To see a detailed explanation of all the possible overcharges and areas we can help you can read our energy auditing white paper.
The other type of energy audit is a consumption-based one. During a consumption-based energy audit, an energy auditing firm will take a look at a hospital’s total energy usage and recommend ways to reduce its consumption. There are hundreds of companies that run these types of audits and can recommend a myriad of different devices and products to prevent energy waste.
Though a consumption-based energy audit can be useful, many of the recommended solutions can also be quite capital intensive. For those hospitals looking to find savings on energy through a risk-free process, they’ll have to conduct a detailed energy billing audit.
We kick off our client relationship with a 20-minute meeting to outline our shared savings agreement and the materials we need to get started. This typically includes copies of invoices, contracts, and other authorization documents.
During the onboarding phase, we will access 12–36 months’ worth of our client’s invoices. How far back we go depends on the statute of limitations within their state.
Our team begins thoroughly analyzing these invoices looking for any overcharges, unnecessary fees, and other billing errors. Typically, we will update our clients on a weekly or bi-weekly basis to share our findings and deliver savings as we go. On average, it can take four to six weeks to bring our findings to our clients and then another four to six weeks to implement the savings.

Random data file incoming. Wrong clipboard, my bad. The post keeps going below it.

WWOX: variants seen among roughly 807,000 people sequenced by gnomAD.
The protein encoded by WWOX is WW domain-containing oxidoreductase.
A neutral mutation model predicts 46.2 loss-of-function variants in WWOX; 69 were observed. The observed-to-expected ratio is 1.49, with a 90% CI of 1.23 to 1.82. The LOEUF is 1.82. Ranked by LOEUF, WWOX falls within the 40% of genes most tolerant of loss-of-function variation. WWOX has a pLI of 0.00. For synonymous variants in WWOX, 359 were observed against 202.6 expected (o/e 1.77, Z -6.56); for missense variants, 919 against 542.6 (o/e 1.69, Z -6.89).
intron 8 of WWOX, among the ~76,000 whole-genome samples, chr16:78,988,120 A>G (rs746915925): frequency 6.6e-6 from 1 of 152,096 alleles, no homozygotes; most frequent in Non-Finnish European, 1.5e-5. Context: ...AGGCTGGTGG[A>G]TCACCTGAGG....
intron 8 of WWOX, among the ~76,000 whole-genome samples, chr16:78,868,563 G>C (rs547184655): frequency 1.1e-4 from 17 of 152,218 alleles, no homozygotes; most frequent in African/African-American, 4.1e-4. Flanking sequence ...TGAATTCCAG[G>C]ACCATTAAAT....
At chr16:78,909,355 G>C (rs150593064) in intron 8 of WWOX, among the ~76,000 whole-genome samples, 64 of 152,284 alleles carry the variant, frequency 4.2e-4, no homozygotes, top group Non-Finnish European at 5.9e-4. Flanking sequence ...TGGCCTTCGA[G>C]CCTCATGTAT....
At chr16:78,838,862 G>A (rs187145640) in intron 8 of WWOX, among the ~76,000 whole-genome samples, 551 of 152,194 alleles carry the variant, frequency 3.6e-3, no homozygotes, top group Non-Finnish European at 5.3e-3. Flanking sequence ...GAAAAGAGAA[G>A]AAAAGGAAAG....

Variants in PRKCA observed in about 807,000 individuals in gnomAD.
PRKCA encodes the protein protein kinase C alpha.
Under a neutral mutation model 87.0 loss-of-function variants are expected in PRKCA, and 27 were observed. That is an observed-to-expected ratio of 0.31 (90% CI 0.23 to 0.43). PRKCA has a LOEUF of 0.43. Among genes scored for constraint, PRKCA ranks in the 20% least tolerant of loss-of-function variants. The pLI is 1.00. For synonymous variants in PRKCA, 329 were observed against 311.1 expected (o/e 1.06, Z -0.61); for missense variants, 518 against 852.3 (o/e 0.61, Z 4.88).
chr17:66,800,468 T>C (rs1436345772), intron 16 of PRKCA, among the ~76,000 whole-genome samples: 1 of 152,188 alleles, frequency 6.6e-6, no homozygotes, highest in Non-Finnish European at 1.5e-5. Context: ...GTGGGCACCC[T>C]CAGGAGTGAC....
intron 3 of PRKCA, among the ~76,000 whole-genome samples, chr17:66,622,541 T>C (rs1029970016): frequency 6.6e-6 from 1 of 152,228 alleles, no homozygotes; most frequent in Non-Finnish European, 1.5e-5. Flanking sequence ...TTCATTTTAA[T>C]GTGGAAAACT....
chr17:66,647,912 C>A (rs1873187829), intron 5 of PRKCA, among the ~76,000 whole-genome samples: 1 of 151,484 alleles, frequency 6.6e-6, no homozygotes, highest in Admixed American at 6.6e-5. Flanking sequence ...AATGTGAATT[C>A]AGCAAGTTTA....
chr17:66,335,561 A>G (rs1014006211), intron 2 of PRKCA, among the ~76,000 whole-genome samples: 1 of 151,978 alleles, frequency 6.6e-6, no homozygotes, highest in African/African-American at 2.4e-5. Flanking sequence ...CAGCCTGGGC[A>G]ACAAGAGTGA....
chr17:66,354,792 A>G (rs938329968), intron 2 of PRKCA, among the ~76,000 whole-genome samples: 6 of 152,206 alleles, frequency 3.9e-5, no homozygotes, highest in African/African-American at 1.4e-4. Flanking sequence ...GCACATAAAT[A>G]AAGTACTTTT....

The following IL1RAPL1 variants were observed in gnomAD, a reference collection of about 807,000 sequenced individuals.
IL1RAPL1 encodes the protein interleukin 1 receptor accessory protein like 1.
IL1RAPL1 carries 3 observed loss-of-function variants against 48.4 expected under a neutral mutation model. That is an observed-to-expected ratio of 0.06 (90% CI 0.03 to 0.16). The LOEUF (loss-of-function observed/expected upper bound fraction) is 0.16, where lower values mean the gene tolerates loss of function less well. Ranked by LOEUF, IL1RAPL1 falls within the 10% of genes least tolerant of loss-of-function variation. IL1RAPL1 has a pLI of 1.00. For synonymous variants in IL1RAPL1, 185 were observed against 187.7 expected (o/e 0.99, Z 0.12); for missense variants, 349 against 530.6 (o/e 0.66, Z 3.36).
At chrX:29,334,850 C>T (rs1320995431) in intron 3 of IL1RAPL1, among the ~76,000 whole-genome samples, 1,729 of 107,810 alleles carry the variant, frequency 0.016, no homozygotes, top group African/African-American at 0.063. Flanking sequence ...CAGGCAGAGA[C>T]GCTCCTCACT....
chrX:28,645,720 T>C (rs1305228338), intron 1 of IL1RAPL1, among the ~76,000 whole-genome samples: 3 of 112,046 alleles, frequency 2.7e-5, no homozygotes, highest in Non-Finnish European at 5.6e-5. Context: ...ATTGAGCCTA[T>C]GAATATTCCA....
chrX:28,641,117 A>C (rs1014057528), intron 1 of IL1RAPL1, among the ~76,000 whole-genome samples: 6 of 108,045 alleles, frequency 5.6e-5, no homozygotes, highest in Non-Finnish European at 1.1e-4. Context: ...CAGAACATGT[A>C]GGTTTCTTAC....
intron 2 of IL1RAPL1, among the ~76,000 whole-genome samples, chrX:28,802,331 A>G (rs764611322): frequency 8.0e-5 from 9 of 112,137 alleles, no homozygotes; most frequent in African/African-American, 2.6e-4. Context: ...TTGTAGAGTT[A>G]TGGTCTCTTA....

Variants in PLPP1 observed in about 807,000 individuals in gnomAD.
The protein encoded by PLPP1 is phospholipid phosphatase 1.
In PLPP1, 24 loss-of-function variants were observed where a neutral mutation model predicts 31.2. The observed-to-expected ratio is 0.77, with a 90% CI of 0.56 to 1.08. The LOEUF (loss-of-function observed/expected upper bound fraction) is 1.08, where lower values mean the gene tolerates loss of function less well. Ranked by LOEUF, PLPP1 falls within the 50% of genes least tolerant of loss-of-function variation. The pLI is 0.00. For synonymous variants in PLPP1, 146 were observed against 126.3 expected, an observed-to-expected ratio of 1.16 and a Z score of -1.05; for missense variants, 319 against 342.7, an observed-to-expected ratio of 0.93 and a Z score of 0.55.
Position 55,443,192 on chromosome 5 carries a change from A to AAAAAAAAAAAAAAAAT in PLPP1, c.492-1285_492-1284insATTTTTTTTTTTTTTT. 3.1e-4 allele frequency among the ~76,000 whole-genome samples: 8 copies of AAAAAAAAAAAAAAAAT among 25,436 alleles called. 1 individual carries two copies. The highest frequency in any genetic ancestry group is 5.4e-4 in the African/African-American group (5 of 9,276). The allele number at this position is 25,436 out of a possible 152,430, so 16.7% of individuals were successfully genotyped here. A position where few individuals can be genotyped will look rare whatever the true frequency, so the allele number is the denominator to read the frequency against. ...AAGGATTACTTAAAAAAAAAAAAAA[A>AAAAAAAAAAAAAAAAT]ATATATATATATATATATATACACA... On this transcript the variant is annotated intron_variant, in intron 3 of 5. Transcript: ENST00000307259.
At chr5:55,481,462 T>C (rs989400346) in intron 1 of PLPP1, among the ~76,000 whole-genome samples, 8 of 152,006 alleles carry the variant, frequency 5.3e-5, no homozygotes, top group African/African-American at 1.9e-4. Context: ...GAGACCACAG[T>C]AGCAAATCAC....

Through our service, auditing is not a one-and-done process. We will audit and manage invoices on a monthly basis to keep savings intact and to look for any additional overcharges and errors.
P3 Cost Analysts worked with a large hospital that needed help managing its telecom and utility expenses. Since this hospital was spending around $3,000,000 annually on these services, it wanted to utilize the expertise of P3 in order to find ways it could cut these costs.
As with all of our clients, we provided the hospital with a risk-free expense audit to find out how its money was being spent and where savings could be found. Through our audit, we were able to correct many errors that went back a number of years and also found savings in regards to incorrect tariff usage.
Throughout our engagement with this hospital, it was able to save over $400,000 on telecom and utilities and received a $65,000 refund due to the errors and overcharges we corrected.
As we’ve seen, there are two different types of energy audits. A P3 energy billing audit serves as a way for hospitals to uncover areas of saving in this cost category. A P3 energy audit includes looking at a hospital’s invoices and contracts to find overcharges, billing errors, and opportunities to negotiate better contractual terms with energy vendors. An audit will also uncover whether or not your hospital is functioning under the correct energy tariffs, which is vital for optimizing spending in this category.
The other type of energy audit involves analyzing a hospital’s overall consumption practices, looking for areas of improvement. This can include finding ways to implement new technologies that improve energy efficiency, encouraging better energy usage practices, outlining usage goals, and forming strategies to better track energy usage.
For you to truly understand your energy expenses and uncover savings within your energy contracts and invoices, you should work with a team of experts to work through a detailed energy billing audit.
If you’re interested in conducting an energy billing audit for your hospital or healthcare system, our team at P3 Cost Analysts is ready and able to help. To schedule your free expense audit, contact us today!